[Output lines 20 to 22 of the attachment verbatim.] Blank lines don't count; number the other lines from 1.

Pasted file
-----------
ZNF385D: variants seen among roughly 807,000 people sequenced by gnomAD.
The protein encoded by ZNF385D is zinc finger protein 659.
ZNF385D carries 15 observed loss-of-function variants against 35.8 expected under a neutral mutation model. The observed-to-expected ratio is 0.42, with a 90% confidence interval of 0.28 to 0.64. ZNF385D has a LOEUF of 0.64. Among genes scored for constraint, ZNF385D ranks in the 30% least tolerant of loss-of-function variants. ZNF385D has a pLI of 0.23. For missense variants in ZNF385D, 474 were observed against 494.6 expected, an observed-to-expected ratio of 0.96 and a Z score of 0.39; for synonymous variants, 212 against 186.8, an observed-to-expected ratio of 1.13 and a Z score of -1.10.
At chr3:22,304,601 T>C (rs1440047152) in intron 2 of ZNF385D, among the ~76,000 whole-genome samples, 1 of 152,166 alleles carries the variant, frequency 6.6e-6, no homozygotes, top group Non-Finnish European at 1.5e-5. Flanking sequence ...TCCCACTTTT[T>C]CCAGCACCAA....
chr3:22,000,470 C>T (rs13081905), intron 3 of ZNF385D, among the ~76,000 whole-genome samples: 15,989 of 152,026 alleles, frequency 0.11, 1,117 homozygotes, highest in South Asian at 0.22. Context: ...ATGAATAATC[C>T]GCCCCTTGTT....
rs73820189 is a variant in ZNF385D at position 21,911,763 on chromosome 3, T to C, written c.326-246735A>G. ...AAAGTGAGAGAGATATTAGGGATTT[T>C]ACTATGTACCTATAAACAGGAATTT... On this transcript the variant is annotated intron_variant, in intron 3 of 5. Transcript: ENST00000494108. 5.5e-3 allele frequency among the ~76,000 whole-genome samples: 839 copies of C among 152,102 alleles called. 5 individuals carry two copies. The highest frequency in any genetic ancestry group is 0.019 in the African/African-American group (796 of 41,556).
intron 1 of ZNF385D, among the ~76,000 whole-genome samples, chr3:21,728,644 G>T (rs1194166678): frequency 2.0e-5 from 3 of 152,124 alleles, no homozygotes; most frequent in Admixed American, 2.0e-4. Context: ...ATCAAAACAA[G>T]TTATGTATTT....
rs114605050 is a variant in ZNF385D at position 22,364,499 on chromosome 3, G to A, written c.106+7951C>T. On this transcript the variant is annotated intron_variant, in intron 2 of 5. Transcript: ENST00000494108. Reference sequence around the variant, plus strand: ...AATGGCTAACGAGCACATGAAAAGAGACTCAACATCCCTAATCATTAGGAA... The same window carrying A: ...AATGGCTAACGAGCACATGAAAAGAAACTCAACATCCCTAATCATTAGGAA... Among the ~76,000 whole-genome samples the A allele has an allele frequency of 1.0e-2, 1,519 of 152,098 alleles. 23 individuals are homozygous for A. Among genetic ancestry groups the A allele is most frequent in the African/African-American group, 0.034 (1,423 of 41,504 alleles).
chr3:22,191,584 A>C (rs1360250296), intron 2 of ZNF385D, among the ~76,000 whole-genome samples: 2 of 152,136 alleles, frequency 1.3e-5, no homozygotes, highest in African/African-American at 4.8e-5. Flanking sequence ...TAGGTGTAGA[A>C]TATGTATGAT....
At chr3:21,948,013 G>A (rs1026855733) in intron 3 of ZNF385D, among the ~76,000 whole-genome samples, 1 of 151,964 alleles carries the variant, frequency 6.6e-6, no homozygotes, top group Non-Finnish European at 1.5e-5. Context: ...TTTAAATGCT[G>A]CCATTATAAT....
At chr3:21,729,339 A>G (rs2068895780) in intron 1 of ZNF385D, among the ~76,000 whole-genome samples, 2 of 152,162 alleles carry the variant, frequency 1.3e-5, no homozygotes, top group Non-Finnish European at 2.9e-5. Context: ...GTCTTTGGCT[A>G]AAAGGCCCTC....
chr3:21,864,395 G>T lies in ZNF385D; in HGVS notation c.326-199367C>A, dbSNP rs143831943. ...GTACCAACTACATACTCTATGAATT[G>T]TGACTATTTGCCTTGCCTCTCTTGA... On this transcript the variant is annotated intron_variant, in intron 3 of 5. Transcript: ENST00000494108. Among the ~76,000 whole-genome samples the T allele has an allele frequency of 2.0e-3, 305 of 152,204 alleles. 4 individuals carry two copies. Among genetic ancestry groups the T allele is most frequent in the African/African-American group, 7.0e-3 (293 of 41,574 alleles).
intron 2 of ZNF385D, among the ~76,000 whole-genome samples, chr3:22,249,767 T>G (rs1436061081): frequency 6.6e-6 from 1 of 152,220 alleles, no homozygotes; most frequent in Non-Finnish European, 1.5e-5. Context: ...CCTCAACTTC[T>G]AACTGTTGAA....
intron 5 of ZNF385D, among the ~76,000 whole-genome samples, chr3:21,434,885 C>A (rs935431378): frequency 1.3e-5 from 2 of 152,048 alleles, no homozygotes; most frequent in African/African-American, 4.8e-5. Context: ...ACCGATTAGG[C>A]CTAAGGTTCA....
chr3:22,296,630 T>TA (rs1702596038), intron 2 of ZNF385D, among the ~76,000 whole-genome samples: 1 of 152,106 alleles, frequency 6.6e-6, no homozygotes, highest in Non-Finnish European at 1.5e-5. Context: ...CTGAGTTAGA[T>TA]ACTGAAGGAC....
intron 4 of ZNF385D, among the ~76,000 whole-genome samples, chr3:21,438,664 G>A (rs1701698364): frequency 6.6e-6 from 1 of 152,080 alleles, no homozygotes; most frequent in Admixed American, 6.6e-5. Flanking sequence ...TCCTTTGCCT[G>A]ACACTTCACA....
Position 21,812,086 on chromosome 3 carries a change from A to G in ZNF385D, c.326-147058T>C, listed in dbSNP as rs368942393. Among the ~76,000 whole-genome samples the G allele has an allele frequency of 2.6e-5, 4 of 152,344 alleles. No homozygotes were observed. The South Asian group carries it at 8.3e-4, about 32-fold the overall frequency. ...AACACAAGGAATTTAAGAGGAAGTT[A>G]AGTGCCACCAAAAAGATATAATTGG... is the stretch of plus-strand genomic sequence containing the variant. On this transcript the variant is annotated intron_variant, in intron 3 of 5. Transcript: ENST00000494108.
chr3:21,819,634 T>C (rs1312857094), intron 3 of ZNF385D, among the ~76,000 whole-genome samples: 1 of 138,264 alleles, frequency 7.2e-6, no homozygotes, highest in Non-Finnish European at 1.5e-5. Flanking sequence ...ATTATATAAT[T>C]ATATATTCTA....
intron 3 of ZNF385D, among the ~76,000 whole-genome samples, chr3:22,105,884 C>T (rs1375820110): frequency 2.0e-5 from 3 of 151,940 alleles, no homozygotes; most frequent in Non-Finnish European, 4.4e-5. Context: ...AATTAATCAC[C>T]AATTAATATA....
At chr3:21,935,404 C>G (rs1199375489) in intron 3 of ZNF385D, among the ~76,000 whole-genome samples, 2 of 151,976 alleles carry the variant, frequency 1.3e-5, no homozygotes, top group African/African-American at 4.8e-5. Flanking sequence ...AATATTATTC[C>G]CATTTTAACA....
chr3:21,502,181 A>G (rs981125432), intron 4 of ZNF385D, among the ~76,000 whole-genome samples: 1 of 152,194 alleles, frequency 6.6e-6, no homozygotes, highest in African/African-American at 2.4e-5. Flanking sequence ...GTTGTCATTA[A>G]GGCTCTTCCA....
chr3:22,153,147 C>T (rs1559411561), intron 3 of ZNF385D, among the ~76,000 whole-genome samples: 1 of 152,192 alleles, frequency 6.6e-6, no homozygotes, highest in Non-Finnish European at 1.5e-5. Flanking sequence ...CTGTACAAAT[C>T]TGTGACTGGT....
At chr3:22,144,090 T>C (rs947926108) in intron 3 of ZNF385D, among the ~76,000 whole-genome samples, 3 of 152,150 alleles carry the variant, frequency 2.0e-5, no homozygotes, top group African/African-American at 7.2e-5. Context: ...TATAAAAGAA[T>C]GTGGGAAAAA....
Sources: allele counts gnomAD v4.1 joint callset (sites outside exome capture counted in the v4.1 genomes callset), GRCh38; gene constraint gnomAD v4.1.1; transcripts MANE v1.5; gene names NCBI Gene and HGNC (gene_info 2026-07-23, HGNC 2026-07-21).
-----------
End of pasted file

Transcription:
At chr3:21,935,404 C>G (rs1199375489) in intron 3 of ZNF385D, among the ~76,000 whole-genome samples, 2 of 151,976 alleles carry the variant, frequency 1.3e-5, no homozygotes, top group African/African-American at 4.8e-5. Flanking sequence ...AATATTATTC[C>G]CATTTTAACA....
chr3:21,502,181 A>G (rs981125432), intron 4 of ZNF385D, among the ~76,000 whole-genome samples: 1 of 152,194 alleles, frequency 6.6e-6, no homozygotes, highest in African/African-American at 2.4e-5. Flanking sequence ...GTTGTCATTA[A>G]GGCTCTTCCA....
chr3:22,153,147 C>T (rs1559411561), intron 3 of ZNF385D, among the ~76,000 whole-genome samples: 1 of 152,192 alleles, frequency 6.6e-6, no homozygotes, highest in Non-Finnish European at 1.5e-5. Flanking sequence ...CTGTACAAAT[C>T]TGTGACTGGT....